Anaerobic Bacteria
Aerobic Bacteria
Bacteria
Actinomyces
Neisseria gonorrhoeae
Chlamydia trachomatis
Mobiluncus
Gardnerella vaginalis
Ureaplasma urealyticum
Streptococcus agalactiae
Family Planning Services
Vagina
Sexually Transmitted Diseases
Fear

ASJC Scopus subject areas

  • Microbiology (medical)
  • Infectious Diseases

Cite this

@article{03a2dfd03a2a466ead7ea661f216e49a,
title = "Culture- and PCR-based detection of BV associated microbiological profile of the removed IUDs and correlation with the time period of IUD in place and the presence of the symptoms of genital tract infection",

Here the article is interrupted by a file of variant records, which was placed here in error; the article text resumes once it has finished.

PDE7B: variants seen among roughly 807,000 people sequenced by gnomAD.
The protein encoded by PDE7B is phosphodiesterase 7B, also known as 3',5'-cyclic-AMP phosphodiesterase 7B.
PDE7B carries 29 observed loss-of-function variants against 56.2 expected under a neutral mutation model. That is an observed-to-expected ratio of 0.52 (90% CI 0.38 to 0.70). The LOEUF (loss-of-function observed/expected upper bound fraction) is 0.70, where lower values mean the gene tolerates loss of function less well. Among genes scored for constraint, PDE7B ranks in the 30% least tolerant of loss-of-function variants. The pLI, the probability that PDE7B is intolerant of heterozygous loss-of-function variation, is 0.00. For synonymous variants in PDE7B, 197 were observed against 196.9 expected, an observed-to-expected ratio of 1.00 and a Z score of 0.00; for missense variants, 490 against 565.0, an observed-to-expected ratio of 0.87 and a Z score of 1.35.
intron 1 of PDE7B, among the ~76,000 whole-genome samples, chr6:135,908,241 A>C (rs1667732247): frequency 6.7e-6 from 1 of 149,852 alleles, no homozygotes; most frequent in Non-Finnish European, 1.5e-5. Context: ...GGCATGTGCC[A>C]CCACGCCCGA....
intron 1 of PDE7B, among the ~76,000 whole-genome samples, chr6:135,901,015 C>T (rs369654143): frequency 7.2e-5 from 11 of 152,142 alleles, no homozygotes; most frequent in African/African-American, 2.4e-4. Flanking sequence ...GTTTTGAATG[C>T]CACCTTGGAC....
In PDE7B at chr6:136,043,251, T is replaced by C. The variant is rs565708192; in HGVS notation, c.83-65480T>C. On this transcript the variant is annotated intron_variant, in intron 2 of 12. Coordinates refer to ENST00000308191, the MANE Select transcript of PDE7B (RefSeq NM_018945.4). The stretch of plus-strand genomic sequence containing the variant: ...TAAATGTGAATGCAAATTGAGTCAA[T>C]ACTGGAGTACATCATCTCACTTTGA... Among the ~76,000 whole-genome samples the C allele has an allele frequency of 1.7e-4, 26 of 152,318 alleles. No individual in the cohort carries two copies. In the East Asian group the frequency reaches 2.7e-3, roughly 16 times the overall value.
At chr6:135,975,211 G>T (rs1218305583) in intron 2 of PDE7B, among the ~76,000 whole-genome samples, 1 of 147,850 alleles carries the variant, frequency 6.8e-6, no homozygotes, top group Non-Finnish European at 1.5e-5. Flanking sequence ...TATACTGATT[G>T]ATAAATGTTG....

abstract = "Objectives: The long-term use of intrauterine devices (IUDs) may lead to biofilm formation on the surface. The aim of this study was to perform the culture- and PCR-based detection of bacteria/fungi from the biofilm of the removed IUDs with different time periods in place. Methods: For a 2-year period, 100 IUD users were involved in the study. In the majority of the cases, IUDs were removed because of the patients' complaints. Beside the aerobic and anaerobic culture, species-specific PCR was carried out to detect Chlamydia trachomatis Neisseria gonorrhoeae and the {"}signalling{"} bacteria of bacterial vaginosis (BV) in the biofilm removed by vortexing. Results: Sixty-eight percent of IUDs were used for more than 5 years, 32{\%} were removed after 10 years in place. In 28{\%} of the IUDs ≥ 3 different anaerobic species typically found in BV with or without other aerobic bacteria were found by culture method. Streptococcus agalactiae (14{\%}) and Actinomyces spp. (18{\%}) were also isolated frequently. The PCR detection of Gardnerella vaginalis, Atopobium vaginae, Mobiluncus spp. and Ureaplasma urealyticum were 62{\%}, 32{\%}, 23{\%} and 16{\%}, respectively. Seventy-six percent of the IUDs were PCR positive at least for one {"}signalling{"} bacterium of BV. C. trachomatis was detected by PCR only in one IUD together with other aerobic and anaerobic bacteria, while the presence of N. gonorrhoeae could not be confirmed from the biofilm of these removed devices. Conclusion: Sexually transmitted infections (STI)-related bacteria - except for one patient - were not detected on the IUDs removed due to different reasons including clinical symptoms of infection. Presence of any BV {"}signaling{"} anaerobic bacteria were detected in a much higher number in the biofilm of the removed IUDs by PCR-based method compared to use culture method (76 versus 28 samples). Different aerobic and anaerobic bacteria colonized an equal number of IUDs, independent of the time-period in place, which may be relevant, if the IUD is removed due to planned pregnancy or due to a fear from upper genital tract infection caused by anaerobic bacteria including Actinomyces spp.",